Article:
Sunday, November 26, 2006


The illustrator Rockwell Kent (1882 - 1971) loved humanity with great passion. Unfortunately, he was an utter jerk when it came to loving individual human beings.

Kent was famous for his illustrations for Moby Dick, Candide, Shakespeare and Chaucer. He was also the author of several acclaimed books, an explorer, an architect, a dairy farmer, a carpenter, a fisherman, a sailor and an outspoken advocate of socialism who was awarded the Lenin Peace Prize by the Soviet Union for his work to achieve peace and brotherhood.

Kent had many wild adventures around the world. He hiked through jungles and over mountains. He explored islands and traveled on freighter ships. Once he attempted to sail around Cape Horn (at the southern tip of South America) in a ramshackle life boat that he bought for a few dollars. Wrote one commentator:

This region, boasting probably the world's worst climate, is buffeted incessantly by winds, swiftly alternating with rain, hail and snow. It is the legendary graveyard of ships and sailors, and Kent [had] the half-formed idea of trying his mettle against the hazardous adventure of sailing "round the Horn."
He was shipwrecked in Greenland and Alaska and lived for extended periods of time north of the Arctic Circle in desolate places like Ubekendt Ejland (Unknown Island). But his first love was painting and he painted almost every day.

Kent's artistic mentor was the painter Abbott Thayer. While living as a guest in Thayer's house, Kent married Thayer's 17 year old niece over the objection of her family. Four months after the wedding, he resumed a love affair with an old flame. Kent went on to have torrid affairs with a variety of girlfriends while his devoted wife stayed at home and bore him five children. (When one of his girlfriends became pregnant, Kent and his wife had to sell everything they owned to pay her off.) When his fifth child was born, Kent decided that his wife's clinging ways were unbearable, so the couple divorced. Kent learned from this experience and made sure all of his future children were illegitimate. Kent's second wife, Frances, may have hoped Kent was willing to settle down because he built a dream house with her out in the country and named it "Asgaard" after the Norse home of the gods. But at the housewarming party that Kent and Frances held for their friends, Kent overheard someone planning a dangerous boat expedition to Greenland and immediately abandoned Frances and Asgaard for this new adventure. Kent did marry a third time, to a woman the age of his youngest daughter.

Kent courted these women using artwork and poetry, and he praised their beauty with great eloquence. He always felt bad (and a little surprised) when they took the news of his infidelity so hard. One former showgirl committed suicide, jumping to her death into the sea. Perhaps it would have been difficult for a wife to accompany Kent on his rugged travels. Kent recounted one particularly horrifying shipwreck in his autobiography, It's Me O Lord:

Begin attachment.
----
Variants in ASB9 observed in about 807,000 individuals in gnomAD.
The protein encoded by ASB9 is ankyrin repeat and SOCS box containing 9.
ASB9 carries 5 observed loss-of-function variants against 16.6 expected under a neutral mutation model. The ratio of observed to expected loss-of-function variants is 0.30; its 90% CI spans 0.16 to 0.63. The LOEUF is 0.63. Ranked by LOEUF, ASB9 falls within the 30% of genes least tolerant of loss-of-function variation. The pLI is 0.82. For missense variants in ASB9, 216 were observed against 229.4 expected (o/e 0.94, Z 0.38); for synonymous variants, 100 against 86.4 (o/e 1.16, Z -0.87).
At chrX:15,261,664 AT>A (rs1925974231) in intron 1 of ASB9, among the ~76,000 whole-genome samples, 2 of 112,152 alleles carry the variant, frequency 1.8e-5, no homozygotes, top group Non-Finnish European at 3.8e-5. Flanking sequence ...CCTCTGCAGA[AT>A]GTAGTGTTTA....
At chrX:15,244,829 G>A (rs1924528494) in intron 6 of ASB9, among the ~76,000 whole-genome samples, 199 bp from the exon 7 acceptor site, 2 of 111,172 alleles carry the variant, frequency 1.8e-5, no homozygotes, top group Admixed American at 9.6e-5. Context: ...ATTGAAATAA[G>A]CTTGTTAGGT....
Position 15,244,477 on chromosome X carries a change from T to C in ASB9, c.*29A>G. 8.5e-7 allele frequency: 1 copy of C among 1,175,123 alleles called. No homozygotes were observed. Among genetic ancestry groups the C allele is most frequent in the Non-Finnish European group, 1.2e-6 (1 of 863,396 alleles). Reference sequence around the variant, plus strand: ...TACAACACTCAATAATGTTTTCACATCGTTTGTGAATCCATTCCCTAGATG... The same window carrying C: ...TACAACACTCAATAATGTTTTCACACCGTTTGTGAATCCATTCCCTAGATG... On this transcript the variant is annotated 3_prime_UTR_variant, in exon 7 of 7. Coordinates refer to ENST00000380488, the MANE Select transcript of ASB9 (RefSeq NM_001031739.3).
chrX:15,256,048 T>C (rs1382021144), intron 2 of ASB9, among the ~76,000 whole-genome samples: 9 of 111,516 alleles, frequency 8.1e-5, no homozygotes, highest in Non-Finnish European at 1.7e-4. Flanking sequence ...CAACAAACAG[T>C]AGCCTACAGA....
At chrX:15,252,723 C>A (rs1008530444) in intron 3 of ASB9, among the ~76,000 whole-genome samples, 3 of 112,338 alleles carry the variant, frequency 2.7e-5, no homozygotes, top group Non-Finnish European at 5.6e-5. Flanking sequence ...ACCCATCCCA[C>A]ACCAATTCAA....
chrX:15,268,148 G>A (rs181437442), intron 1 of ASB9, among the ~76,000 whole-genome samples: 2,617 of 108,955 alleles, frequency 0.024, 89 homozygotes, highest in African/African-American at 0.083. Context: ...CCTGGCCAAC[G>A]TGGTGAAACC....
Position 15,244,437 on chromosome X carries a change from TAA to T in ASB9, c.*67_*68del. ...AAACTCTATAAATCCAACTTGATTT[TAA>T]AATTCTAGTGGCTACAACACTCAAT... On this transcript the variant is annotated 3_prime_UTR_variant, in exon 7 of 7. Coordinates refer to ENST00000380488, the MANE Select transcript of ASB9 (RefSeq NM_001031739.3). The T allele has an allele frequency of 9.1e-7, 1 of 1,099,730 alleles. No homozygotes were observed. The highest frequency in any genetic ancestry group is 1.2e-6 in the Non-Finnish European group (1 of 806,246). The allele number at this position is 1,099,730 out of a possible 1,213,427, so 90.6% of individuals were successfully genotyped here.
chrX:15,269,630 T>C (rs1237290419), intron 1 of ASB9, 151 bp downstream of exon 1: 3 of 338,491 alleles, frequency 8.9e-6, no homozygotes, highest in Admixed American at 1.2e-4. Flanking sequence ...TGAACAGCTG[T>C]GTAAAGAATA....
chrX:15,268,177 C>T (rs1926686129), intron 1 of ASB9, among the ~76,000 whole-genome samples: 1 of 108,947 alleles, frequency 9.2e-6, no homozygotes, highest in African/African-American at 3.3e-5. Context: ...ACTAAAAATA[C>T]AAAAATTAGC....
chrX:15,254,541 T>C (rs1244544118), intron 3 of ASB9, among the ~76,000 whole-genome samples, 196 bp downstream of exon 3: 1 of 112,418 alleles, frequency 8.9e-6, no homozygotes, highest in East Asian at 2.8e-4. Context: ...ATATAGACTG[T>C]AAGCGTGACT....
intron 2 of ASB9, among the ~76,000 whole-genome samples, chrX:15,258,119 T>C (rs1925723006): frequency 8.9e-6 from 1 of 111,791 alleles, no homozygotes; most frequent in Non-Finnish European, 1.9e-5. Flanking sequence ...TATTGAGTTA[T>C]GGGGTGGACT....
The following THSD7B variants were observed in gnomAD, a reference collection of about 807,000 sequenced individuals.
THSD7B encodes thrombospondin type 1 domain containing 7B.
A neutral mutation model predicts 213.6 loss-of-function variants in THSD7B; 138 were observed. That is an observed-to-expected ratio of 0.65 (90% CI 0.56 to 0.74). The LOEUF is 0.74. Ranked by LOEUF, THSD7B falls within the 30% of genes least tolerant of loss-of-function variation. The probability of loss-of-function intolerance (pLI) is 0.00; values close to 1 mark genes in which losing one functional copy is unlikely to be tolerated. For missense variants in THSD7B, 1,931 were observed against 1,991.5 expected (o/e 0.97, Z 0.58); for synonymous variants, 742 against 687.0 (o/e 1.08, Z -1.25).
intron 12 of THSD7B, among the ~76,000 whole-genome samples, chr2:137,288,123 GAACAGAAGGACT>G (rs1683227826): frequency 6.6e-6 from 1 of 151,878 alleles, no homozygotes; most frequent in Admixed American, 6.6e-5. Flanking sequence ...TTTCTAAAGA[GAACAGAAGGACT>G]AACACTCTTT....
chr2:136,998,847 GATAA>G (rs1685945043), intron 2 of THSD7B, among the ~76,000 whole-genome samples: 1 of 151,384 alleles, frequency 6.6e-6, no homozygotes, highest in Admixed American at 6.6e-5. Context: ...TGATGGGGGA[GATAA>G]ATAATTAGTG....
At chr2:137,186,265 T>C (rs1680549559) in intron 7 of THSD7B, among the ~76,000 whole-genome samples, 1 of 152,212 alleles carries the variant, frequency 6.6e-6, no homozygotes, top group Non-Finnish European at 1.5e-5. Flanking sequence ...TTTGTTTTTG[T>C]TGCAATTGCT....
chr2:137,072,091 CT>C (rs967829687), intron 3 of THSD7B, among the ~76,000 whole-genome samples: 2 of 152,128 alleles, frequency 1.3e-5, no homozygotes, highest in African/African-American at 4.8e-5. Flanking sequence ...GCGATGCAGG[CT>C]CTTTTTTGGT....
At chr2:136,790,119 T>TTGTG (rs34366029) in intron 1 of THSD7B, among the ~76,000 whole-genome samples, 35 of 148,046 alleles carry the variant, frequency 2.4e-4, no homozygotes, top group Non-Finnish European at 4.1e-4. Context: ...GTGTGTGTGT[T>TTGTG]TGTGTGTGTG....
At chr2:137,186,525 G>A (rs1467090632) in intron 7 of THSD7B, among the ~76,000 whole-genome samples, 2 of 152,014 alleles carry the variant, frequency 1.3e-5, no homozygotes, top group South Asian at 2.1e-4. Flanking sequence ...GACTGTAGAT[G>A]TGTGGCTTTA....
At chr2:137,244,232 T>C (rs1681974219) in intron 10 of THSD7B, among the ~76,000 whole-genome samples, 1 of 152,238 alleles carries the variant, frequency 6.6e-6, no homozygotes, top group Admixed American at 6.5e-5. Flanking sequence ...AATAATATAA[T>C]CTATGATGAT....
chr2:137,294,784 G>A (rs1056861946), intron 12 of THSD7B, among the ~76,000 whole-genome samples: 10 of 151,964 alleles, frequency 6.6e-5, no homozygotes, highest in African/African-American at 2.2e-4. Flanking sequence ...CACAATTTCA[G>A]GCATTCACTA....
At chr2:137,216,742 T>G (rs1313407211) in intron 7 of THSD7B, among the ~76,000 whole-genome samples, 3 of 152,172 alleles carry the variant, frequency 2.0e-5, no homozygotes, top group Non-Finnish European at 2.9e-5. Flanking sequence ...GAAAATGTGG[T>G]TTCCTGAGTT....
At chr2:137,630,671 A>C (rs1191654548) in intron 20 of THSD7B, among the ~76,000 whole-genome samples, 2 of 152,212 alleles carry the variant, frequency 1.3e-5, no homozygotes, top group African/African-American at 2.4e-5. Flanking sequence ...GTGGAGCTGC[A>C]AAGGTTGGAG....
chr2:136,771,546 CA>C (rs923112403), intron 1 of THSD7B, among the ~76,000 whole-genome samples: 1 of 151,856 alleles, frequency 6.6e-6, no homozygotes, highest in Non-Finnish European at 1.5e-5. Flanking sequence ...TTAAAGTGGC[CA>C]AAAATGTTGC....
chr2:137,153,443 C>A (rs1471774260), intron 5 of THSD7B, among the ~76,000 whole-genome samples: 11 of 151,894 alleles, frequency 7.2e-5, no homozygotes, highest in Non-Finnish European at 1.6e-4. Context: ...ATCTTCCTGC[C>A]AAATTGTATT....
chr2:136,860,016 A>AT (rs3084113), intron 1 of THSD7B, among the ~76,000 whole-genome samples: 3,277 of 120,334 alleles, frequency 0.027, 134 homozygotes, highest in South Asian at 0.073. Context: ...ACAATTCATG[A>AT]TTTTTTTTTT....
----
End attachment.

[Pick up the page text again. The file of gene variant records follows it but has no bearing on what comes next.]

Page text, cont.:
Against the hurricane that woke us, sweeping down off the lofty plateau of the inland ice... we could do nothing but... hang onto our anchor ropes. And once the anchors failed to hold, the game was up.
Kent's tiny boat capsized. He and his two companions dragged themselves to shore and trekked 36 hours over rugged terrain with no shelter before they stumbled across an Inuit fisherman. None of them spoke Inuit, yet Kent managed to negotiate food, shelter and a young Inuit native girl.

Even though Kent had no space for a wife on his journeys, he always managed to find room for his paints, brushes and canvases. Following the shipwreck mentioned above, Kent returned to salvage his art supplies and spent two months painting that "vast wonderland of sea and mountain."

I have long been fascinated by the selfishness of artists. Some artists place the demands of their art above the welfare of their family and friends. Sometimes the resulting art is so beautiful, the trade off seems worth it to those of us who aren't personally affected. But it is always difficult to draw a bright line between artists who make sacrifices to protect their art and those who are merely self centered. Through the generations, a lot of collateral damage has been caused by artists fighting for their artistic lives.

Kent lived to be 89. Despite all his advetures, he seemed to have had a wistful old age. In one of his books, he described a poem-song he had learned from the Eskimoes about an old man who remembers

old times when I had strength to cut and flay great beasts.

Three great beasts could I cut up while the sun slowly went his way across the sky.

A sick old man could no longer hope to hang onto a woman, so he wishes his

woman away in the house of another,

in the house of a man who may be her refuge, firm and sure as the strong winter ice.

Sad at heart, I wish her away in the house of a stronger protector now that I myself lack strength even to rise from where I lie.